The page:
The sentence handed down last Friday to ex-president Park Geun-hye – 24 years in prison and a US$17.5 million fine – may have astonished the world with its harshness, but was no surprise to South Koreans.
In a country where murderers face sentences of about 12 years, had Park’s trial ended in anything less, it would have been remarkable, given the fates of her predecessors.
South Korea can proudly boast of having won democracy after “people power” protests in 1987 ended decades of authoritarian rule. But while ex-leaders in most democracies can anticipate genteel retirements – doing good deeds, penning autobiographies and bloviating at well-remunerated speaking functions – Korean leaders’ ends range from the ignominious to the calamitous.
Presidential downfalls either come in late- or post-term. Leaders in the latter category transition from being above the law to suffering the full weight of it. A brief listing of Korea’s presidents’ fates reads like the roll call of a particularly harsh court.
A cursed institution
The first, Rhee Syngman, in power from 1948-60, was exiled to Hawaii after overseeing the shooting of student demonstrators. The next, Park Chung-hee, from 1963-79, who had seized power via a coup, was assassinated by his intelligence chief. Chun Do-hwan, from 1980-88, another coup artist who oversaw the killing of pro-democracy protesters in 1980, was sentenced to death and his sidekick and successor, Roh Tae-woo, who ruled from 1988-93, was sentenced to 22 years in prison. Both were pardoned.
Liberal presidents have fared little better than the above conservatives. Former opposition firebrands Kim Young-sam – 1993-98 – and Kim Dae-jung – 1998-2003 – both saw family members jailed for corruption, while Roh Moo-hyun – 2003-08 – committed suicide while his wife was being probed for graft.
Lee Myung-bak, who ruled from 2008-12, saw his brother jailed for bribery, and as of last month, Lee has been in detention facing a battery of retroactive charges. And Park, whose run was from 2013-17 and is the daughter of the assassinated Park Chung-hee, was impeached and is now starting her lengthy sentence.
What is behind this dire record?
Dynastic cultures of corruption, accountability
The Blue House, the presidential mansion in Seoul, stands regally behind the medieval palace of Gyeongbokgung and Korea’s presidency is sometimes dubbed “imperial.” A culture of patronage lingers from a dynastic past, when those who won power customarily dispensed rewards to family, friends and associates while accepting gifts for favors – in modern terms, nepotism, cronyism and corruption.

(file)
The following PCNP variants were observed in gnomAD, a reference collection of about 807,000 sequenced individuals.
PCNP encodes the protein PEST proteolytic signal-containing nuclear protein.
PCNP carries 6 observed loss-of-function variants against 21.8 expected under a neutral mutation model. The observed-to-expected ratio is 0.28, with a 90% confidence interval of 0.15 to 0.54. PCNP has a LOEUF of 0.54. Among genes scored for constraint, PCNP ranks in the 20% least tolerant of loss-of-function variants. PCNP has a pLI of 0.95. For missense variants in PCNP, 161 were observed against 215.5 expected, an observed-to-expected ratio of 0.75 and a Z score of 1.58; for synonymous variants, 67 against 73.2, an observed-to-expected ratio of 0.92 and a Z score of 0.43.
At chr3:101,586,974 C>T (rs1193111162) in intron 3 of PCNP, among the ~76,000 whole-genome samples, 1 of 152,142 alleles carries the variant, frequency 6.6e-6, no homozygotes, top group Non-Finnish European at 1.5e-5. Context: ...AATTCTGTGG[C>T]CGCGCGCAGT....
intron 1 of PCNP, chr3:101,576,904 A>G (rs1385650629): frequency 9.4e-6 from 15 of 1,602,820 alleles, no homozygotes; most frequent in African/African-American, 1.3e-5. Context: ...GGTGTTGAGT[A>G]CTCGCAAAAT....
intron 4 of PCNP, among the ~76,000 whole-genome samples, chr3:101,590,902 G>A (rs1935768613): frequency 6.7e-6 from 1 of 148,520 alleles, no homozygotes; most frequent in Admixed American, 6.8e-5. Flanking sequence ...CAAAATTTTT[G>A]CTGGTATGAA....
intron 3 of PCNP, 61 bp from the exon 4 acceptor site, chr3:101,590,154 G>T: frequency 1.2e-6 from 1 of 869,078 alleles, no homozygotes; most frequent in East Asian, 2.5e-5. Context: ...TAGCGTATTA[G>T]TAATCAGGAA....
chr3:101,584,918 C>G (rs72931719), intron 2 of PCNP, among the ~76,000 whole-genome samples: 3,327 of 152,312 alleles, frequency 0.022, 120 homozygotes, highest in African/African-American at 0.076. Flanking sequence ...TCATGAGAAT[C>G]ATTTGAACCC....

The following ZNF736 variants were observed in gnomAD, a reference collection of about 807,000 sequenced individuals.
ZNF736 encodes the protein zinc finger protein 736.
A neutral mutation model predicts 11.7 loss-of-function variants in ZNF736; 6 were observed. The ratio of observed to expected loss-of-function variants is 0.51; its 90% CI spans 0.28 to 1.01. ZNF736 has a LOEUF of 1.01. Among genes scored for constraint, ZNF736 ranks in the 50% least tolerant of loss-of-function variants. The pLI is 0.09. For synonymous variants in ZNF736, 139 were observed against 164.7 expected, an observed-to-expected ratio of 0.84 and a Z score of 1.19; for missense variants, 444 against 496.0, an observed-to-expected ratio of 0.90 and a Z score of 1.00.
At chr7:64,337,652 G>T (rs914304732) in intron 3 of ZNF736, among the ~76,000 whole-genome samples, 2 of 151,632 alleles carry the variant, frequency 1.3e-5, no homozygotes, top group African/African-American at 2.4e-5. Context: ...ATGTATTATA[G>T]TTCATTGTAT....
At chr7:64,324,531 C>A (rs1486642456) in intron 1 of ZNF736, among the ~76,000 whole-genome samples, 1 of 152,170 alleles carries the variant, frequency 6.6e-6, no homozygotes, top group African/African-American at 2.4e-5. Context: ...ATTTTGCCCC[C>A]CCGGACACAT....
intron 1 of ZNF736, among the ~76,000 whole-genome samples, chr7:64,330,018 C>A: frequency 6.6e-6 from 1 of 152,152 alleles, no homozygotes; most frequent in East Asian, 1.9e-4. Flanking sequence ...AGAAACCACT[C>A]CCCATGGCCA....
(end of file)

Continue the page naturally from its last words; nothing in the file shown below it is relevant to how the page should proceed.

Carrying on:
“When you operate in a low-trust society you look to those that you can trust and typically it is family members, and people you grew up with,” said Cho Hee-kyoung of Hongik University Law School. “There is also the sense that if someone in the family does well, that person is supposed to look after the family.”
That pre-modern tradition existed, fully fledged, up to the recent past. “It was not much more than 100 years ago that Korea had a caste system,” said James Kim of Seoul’s Asan Institute. “It was educated elites versus the rest, and a high degree of ‘clientelism.’”
Another carryover is that kings of yore were held accountable for national ills. “There is extreme moral righteousness behind Korean politics, in that Koreans want to pin all their weaknesses on the president,” said Emanuel Pastreich, director of the Asia Institute in Seoul. “The king or president is responsible for the realm, in the Confucian sense, and if things go wrong in the realm – kill the king!”
A striking aspect of Korea’s leadership culture is its top-down structure, which encourages adherence to the leader’s supposed will – and encourages related illegalities. “Cultural hierarchies are deeply embedded in the system,” said Byoung-joon Kim, an affiliate professor at Hankook University of Foreign Studies. “There is a lack of sovereign individuals thinking independently: They think of the top first, rather than the right thing do to.”
A powerful institution, backed by big business
Some consider the presidency over-powerful. “The problem lies in the fact that our democratic institutions are still very weak as the principle of separation of power and three branches of government [executive, legislature, judiciary] has not really worked,” said Cho, noting that the president appoints the head of state broadcasters and the judiciary. “Traditionally in Korea, the law was subordinate to the bureaucracy and political power, and in that sense, the presidency was above the law,” agreed Michael Breen, author of The New Koreans. “So the presidency and people close to it were subject to enormous temptations; there were people queuing up to give them stuff.”